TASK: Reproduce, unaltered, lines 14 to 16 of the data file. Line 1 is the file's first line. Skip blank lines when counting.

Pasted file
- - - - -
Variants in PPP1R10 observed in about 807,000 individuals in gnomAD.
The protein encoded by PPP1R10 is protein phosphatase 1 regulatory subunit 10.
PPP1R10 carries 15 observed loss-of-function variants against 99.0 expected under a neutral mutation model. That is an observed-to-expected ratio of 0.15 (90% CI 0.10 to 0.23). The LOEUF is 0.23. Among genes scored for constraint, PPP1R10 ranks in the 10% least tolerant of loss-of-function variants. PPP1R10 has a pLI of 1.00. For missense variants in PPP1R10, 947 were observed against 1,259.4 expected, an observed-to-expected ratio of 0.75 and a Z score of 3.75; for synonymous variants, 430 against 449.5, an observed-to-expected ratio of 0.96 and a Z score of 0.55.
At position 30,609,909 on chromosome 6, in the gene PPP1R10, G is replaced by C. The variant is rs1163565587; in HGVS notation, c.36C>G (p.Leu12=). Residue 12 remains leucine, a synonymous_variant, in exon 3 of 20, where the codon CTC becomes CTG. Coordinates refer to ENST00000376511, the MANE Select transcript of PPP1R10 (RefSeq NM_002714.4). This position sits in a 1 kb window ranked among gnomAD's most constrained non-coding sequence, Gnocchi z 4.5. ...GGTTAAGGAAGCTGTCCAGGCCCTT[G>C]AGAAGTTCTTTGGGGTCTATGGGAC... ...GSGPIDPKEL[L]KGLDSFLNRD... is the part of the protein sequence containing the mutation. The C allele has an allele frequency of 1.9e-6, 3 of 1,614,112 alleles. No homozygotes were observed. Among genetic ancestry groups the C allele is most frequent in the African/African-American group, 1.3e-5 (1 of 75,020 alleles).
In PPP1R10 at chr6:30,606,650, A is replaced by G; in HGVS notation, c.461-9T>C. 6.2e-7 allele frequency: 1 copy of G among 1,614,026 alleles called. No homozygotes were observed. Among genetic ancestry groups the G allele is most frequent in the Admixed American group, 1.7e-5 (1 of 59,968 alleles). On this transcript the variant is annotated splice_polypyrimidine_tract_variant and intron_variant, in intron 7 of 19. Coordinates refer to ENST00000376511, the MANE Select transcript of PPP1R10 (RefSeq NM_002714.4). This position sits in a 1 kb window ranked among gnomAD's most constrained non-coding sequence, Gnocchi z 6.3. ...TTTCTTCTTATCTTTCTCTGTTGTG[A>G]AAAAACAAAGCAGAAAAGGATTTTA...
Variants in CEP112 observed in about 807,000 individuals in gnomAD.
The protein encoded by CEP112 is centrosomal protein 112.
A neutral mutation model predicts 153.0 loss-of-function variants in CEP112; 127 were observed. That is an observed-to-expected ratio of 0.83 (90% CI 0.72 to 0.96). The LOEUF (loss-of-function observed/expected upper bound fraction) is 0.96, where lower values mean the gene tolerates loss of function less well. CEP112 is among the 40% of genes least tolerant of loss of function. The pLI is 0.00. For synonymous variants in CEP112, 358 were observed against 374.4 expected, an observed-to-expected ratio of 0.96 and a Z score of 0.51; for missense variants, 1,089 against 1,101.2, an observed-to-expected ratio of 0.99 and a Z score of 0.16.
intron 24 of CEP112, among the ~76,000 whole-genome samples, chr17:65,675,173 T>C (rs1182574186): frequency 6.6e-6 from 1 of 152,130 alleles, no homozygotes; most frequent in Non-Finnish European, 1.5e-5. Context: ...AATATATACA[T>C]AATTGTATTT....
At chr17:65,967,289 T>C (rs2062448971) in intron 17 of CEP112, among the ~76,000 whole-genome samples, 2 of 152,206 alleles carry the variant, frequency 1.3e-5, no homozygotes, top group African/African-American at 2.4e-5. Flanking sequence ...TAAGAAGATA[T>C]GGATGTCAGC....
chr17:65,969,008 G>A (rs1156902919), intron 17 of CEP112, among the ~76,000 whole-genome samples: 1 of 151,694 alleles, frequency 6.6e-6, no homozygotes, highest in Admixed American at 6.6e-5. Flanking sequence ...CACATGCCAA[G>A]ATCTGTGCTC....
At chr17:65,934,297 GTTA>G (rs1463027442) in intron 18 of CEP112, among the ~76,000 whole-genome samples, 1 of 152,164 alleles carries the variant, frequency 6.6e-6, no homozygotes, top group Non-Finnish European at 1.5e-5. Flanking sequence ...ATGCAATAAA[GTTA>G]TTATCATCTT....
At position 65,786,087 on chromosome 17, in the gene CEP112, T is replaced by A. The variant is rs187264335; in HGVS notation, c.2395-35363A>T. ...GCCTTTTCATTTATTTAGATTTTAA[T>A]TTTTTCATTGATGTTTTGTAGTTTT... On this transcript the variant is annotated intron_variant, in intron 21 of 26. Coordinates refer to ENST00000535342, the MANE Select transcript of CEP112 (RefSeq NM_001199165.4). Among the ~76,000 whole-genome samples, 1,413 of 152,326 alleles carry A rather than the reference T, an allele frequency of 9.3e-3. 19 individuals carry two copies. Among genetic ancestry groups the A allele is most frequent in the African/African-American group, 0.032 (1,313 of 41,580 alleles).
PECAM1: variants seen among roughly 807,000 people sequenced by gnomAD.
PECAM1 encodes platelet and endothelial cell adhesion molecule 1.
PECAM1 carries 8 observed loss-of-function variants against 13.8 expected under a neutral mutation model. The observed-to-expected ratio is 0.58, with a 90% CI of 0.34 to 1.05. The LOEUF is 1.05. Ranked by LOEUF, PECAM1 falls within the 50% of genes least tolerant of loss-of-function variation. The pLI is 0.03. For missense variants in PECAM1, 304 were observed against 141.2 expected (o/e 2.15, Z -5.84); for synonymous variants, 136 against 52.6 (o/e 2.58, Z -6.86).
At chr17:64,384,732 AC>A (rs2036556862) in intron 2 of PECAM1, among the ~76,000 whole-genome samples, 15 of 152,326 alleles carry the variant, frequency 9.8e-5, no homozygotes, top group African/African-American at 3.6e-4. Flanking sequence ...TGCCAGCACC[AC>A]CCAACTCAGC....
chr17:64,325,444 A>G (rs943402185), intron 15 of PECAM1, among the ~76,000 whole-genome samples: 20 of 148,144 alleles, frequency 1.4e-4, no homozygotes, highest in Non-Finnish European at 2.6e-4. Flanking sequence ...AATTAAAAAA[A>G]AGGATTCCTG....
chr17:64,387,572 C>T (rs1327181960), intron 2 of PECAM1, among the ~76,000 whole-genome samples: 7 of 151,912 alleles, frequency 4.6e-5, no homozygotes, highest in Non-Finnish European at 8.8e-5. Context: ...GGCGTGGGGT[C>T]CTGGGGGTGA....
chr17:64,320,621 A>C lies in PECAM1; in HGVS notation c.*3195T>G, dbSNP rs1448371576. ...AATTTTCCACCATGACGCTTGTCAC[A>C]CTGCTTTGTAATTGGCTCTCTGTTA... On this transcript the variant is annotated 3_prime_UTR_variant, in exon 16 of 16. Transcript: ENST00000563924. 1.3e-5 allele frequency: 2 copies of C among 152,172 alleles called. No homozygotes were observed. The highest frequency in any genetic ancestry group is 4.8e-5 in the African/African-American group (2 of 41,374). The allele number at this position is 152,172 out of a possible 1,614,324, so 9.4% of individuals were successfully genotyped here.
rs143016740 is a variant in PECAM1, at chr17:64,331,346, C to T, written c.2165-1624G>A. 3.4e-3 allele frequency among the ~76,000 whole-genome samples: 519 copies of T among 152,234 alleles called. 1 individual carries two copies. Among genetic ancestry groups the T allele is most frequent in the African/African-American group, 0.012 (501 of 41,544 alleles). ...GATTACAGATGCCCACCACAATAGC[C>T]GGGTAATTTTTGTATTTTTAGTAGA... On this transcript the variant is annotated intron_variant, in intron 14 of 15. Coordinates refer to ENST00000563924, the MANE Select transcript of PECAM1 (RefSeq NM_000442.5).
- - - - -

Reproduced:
PECAM1: variants seen among roughly 807,000 people sequenced by gnomAD.
PECAM1 encodes platelet and endothelial cell adhesion molecule 1.
PECAM1 carries 8 observed loss-of-function variants against 13.8 expected under a neutral mutation model. The observed-to-expected ratio is 0.58, with a 90% CI of 0.34 to 1.05. The LOEUF is 1.05. Ranked by LOEUF, PECAM1 falls within the 50% of genes least tolerant of loss-of-function variation. The pLI is 0.03. For missense variants in PECAM1, 304 were observed against 141.2 expected (o/e 2.15, Z -5.84); for synonymous variants, 136 against 52.6 (o/e 2.58, Z -6.86).